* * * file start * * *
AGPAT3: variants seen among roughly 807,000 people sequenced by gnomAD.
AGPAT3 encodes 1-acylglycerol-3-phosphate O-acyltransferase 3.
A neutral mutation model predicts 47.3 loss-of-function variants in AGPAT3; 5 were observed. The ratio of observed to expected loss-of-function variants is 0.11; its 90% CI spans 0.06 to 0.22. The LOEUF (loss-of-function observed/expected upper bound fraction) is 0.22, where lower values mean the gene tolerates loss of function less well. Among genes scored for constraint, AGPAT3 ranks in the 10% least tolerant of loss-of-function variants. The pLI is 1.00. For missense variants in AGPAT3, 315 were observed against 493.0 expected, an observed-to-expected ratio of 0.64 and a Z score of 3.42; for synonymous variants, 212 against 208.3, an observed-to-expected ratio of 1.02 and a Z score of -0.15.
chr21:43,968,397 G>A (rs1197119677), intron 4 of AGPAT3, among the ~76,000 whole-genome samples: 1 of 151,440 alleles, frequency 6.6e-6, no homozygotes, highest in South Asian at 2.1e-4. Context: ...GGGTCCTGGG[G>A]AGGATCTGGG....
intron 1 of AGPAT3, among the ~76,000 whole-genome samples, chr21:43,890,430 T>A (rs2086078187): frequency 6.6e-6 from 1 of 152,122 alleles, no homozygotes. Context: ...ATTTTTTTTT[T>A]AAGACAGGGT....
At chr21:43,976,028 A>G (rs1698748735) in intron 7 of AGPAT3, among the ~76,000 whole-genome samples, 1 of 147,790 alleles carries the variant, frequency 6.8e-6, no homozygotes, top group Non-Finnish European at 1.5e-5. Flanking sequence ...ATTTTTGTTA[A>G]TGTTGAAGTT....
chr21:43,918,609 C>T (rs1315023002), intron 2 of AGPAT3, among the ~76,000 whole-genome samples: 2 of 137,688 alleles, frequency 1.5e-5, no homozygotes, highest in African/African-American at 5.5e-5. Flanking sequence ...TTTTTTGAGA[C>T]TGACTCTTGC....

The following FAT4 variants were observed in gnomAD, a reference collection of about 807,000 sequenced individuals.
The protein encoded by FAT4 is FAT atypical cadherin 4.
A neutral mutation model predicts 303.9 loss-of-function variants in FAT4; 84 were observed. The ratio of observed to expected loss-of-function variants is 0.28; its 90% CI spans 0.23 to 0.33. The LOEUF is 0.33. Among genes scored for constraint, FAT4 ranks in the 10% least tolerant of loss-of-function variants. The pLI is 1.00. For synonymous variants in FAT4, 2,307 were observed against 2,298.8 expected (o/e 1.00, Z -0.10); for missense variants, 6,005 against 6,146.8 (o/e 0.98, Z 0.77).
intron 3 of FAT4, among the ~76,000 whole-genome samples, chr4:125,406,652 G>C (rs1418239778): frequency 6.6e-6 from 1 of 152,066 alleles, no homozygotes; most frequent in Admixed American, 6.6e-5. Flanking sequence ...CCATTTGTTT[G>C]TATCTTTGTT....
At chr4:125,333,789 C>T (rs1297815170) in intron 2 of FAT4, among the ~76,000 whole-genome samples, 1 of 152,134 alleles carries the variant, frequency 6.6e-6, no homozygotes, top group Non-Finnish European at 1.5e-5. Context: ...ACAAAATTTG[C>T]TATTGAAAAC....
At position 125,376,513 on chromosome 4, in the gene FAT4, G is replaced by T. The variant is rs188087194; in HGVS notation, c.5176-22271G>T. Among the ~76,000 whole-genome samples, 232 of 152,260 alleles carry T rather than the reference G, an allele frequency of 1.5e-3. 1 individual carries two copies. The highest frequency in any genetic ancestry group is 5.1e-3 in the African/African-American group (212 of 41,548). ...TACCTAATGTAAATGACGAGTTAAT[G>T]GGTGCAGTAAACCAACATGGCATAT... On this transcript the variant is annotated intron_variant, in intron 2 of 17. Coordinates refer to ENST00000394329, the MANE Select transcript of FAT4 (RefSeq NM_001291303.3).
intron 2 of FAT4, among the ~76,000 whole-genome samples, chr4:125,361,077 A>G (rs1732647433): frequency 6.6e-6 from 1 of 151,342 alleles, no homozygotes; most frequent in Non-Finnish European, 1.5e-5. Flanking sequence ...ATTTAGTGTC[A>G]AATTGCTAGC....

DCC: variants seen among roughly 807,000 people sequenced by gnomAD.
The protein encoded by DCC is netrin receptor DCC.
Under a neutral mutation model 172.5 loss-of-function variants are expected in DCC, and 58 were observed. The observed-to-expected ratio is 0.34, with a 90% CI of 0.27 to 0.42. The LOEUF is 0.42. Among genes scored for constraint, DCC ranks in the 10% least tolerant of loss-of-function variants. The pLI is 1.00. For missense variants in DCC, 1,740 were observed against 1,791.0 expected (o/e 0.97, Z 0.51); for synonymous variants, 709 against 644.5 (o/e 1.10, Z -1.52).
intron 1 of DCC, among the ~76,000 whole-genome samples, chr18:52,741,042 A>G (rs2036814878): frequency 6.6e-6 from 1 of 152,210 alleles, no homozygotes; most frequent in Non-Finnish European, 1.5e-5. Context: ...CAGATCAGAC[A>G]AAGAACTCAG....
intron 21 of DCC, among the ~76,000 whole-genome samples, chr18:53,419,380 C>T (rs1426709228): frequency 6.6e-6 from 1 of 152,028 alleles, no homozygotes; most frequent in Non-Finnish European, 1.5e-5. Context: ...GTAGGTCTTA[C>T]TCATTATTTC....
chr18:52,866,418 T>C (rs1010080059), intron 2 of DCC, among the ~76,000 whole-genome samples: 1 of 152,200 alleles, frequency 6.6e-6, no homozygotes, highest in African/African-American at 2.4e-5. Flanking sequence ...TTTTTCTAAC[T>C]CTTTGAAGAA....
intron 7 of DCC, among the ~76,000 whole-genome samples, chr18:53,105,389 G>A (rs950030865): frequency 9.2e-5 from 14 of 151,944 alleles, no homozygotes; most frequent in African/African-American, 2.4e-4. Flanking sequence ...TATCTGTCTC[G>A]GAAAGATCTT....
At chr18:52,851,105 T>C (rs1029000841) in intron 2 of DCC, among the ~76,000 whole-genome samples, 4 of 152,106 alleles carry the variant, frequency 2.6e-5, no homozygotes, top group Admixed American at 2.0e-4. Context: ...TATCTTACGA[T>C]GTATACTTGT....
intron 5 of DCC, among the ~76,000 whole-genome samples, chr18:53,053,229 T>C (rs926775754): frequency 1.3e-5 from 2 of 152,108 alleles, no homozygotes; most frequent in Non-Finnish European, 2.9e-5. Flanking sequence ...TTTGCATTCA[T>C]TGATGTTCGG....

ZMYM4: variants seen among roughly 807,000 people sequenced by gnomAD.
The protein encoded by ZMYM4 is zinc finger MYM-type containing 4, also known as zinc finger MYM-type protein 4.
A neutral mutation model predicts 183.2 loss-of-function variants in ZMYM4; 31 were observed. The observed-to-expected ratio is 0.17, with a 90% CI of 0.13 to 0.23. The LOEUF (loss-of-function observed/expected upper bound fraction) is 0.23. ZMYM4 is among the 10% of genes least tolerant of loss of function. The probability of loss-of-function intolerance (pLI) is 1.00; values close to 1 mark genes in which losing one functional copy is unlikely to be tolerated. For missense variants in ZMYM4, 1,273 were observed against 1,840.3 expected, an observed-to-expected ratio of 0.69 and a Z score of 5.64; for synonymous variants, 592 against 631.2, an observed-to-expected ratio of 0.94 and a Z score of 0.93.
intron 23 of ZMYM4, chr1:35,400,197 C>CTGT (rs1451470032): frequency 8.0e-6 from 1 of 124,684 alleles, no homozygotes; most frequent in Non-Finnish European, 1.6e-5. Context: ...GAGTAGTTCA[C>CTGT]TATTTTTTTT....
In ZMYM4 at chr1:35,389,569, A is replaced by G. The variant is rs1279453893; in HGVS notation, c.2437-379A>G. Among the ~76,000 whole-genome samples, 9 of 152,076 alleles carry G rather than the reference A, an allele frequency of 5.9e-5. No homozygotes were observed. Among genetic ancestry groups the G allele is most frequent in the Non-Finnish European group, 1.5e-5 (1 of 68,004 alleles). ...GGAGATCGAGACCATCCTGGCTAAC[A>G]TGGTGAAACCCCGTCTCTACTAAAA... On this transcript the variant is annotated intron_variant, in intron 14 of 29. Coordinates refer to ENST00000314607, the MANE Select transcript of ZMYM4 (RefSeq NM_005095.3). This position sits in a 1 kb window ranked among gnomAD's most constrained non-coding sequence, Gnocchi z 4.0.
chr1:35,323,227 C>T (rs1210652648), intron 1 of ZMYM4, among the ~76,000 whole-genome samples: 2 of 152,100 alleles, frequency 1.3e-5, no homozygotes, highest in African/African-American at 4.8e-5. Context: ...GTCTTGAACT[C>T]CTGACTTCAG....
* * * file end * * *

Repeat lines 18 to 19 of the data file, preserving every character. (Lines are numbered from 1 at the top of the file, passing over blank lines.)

intron 1 of DCC, among the ~76,000 whole-genome samples, chr18:52,741,042 A>G (rs2036814878): frequency 6.6e-6 from 1 of 152,210 alleles, no homozygotes; most frequent in Non-Finnish European, 1.5e-5. Context: ...CAGATCAGAC[A>G]AAGAACTCAG....
intron 21 of DCC, among the ~76,000 whole-genome samples, chr18:53,419,380 C>T (rs1426709228): frequency 6.6e-6 from 1 of 152,028 alleles, no homozygotes; most frequent in Non-Finnish European, 1.5e-5. Context: ...GTAGGTCTTA[C>T]TCATTATTTC....